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Flashcards in Lecture 62 Deck (20)

What are characteristics of prostaglandins and related compounds (thromboxanes & other eicosanoids)?

1) Eicosa means 20 (20 carbon molecules)
2) Potent cell signaling molecules - paracrine hormones
3) Multiple effects, including pain and inflammation associated with arthritis
4) Synthesized from essential dietary fatty acids, especially linoleic acid


What are characteristics of prostaglandins in particular?

1) Discovered in the 1930s by Ulf von Euler
2) Synthesized in virtually every cell in the body
3) Unsaturated 20 carbon molecules, also contain a 5-member ring
4) Work right within the cells where they are synthesized - "act locally"
5) Have an extremely short half-life and are not stored


Describe the structure of prostaglandins

1) The number of double bonds is indicated after the name (PGE2, PGF2, etc.)
2) Prostaglandins contain a 5 membered ring


What is the first step in the synthesis of prostaglandins?

1) Oxidative cyclization of free arachidonic acid to yield PGH2 by prostaglandin endoperoxide synthase
2) PGH2 is converted to a variety of prostaglandins & thromboxanes by a variety of cell-specific synthases
3) Dietary linoleic acid ---> (Elongation Desaturation) --> Arachidonic acid --> (cyclooxygenase (COX)) --> PGG2 --> (Peroxidase) --> PGH2
4) Peroxidase and cyclooxygenase activities both mediated by COX (two catalytic activities)


Describe the the COX-1 isoform of cyclo-oxygenase

1) COX-1 is constitutive, expressed in most tissues
2) COX-1 plays a physiological & homeostatic role, cell signaling
3) COX-1 is not influenced by steroid administration
4) Not increased by cytokines nor bacteria
5) Produces house keeping substances such as platelets for blood clotting, prostaglandin E2 for kidney function & prostaglandin I2 for stomach protection


Describe the the COX-2 isoform of cyclo-oxygenase

1) COX-2 is inducible following inflammation, trauma, etc.
2) COX-2 is found in immunocompetent cells (e.g. leukocytes)
3) Pathophysiological role, maintains inflammation
4) Contributes to pain, heat, & swelling
5) Induced by cytokines (interleukin-1)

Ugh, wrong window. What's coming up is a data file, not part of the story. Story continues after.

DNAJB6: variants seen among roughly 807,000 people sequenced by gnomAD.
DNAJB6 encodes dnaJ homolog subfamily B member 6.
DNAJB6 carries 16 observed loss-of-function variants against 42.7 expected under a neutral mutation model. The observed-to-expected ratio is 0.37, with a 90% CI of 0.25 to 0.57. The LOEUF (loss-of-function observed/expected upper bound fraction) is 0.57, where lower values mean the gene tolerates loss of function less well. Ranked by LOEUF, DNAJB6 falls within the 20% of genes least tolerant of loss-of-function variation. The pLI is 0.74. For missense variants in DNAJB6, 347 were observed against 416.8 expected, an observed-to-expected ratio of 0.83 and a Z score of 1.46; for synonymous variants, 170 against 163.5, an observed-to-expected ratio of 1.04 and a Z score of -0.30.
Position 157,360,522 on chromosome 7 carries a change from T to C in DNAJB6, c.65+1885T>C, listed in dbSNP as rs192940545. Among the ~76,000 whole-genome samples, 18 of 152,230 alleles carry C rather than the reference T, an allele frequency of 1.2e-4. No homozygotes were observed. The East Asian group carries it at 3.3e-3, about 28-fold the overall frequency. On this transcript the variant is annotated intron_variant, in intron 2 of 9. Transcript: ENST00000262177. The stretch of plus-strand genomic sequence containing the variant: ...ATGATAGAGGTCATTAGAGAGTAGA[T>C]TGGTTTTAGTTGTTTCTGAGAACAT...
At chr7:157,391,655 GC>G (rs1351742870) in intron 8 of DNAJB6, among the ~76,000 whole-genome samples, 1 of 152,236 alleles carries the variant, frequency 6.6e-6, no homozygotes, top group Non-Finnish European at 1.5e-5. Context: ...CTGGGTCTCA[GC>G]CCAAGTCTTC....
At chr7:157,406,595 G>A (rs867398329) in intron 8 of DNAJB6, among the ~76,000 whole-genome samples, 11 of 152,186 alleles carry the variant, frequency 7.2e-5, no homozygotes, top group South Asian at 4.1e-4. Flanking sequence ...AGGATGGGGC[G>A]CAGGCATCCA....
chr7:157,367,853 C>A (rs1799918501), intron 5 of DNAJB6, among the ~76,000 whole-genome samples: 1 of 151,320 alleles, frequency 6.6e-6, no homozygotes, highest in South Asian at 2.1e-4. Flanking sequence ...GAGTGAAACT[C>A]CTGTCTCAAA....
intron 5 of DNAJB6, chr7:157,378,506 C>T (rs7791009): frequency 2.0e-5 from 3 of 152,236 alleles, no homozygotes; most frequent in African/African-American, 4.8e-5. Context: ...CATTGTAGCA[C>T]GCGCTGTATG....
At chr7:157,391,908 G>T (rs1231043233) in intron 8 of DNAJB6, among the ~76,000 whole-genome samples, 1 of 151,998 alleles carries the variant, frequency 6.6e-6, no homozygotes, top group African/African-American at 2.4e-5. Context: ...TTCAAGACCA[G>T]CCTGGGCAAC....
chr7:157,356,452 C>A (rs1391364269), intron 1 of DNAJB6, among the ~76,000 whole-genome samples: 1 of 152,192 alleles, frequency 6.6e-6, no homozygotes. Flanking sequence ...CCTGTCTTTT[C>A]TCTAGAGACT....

6) Inhibited by steroids


What is similar about COX-1 & COX-2?

Two isoforms of COX both produce prostaglandins (PGE2, PGF2alpha, PGI2)


Describe the pathway of prostaglandin production, revisited, with insights into pro-inflammatory regulation

1) Membrane phospholipids --> Arachidonic acid (uses phospholipase A2)
2) Arachidonic Acid --> Prostaglandin H2 (Uses COX-1 or COX-2)
3) Prostaglandin H2 --> PGI2, PGD2, PGE2, PGF2 alpha (uses prostaglandin synthases)
4) PGD2 --> 15-d-PGJ2


What are positive regulators of COX-2?

1) LPS
2) IL-1
3) TNF-alpha


What are functions of prostaglandins?

1) PGE2 plays an important role in the development, regulation, & activity of different immune cells. Activation of the inflammatory response, production of pain, & fever. When tissues are damaged, white blood cells are mobilized to the site to minimize tissue destruction. Prostaglandins are produced as a result.
2) Prostaglandins play an integral role in a myriad of infections & diseases, including cancer & periodontal disease
3) Blood clots form when a blood vessel is damaged. Closely related molecules called thromboxanes stimulate constriction and clotting of platelets. Conversely, PGI2 is produced to have the opposite effect on the walls of blood vessels where clots should not be forming
4) Certain prostaglandings (i.e. PGE2) are involved with induction of labor by inducing uterine contractions
5) Prostaglandins are involved in several other organs:
-regulate salt and fluid balance in body
-increase blood flow in kidneys
-increase secretion of protective mucus in GI tract
-inhibit acid synthesis in GI tract
-leukotrienes, related molecules, promote constriction of bronchi associated with asthma


How do NSAIDs work?

1) Inhibit COX enzymes
2) Reduce production of prostaglandins & thromboxanes
3) Reduce pain, fever, & inflammation


What are some side effects of some NSAIDs in some people?

1) Include gastrointestinal irritation, ulcers, bleeding, etc.
2) If untreated, lead to death (~16,000/year in US)
3) Led to hunt for better anti-inflamatory drugs


What are the effects of aspirin & other pain killers?

1) Aspirin works on both COX-1 & COX-2 to inhibit arachidonic acid's entry int othe active site of the enzyme
2) Acetyl group of aspirin binds to serine in COX
3) By blocking the activity of the COX enzymes, this relieves some of the effects of pain & fever
4) Nonselective
5) Many side effects


How does tylenol work?

Tylenol is thought to have effects through inhibiting the activity of COX-3, an alternatively spliced form of COX-1


What is low dose aspirin therapy?

1) Aspirin irreversibly inhibits COX-1 (and COX-2)
2) Has a short half-life
3) New platelets are constantly being made
4) Will therefore reduce but not abolish the ability for blood to clot, thereby reducing heart attacks & stroke


When COX drugs were first being developed, what was a hypothesis about them?

Hypothesis: selective inhibition of COX-2 might reduce inflammation without the GI side effects


When designing a rational drug to use to inhibit JUST COX-2 and not COX-1, what did scientists discover?

Valine in position 523 of COX-2 causes a side pocket that does not exist in COX-1 (there is an isoleucine at position 523 instead). A drug could therefore bind to this side pocket in COX-2 without affecting COX-1


What are examples of COX-2 inhibitors (Coxibs)?

1) Vioxx (rofecoxib)
2) Arcoxia (etoricoxib)
1) Celebrex (celecoxib)
2) Bextra (valdecoxib)


What drug did MERCK remove from the market related to COX-2 inhibitors?



What makes the COX-2 inhibitors very attractive?

Freedom from GI side effects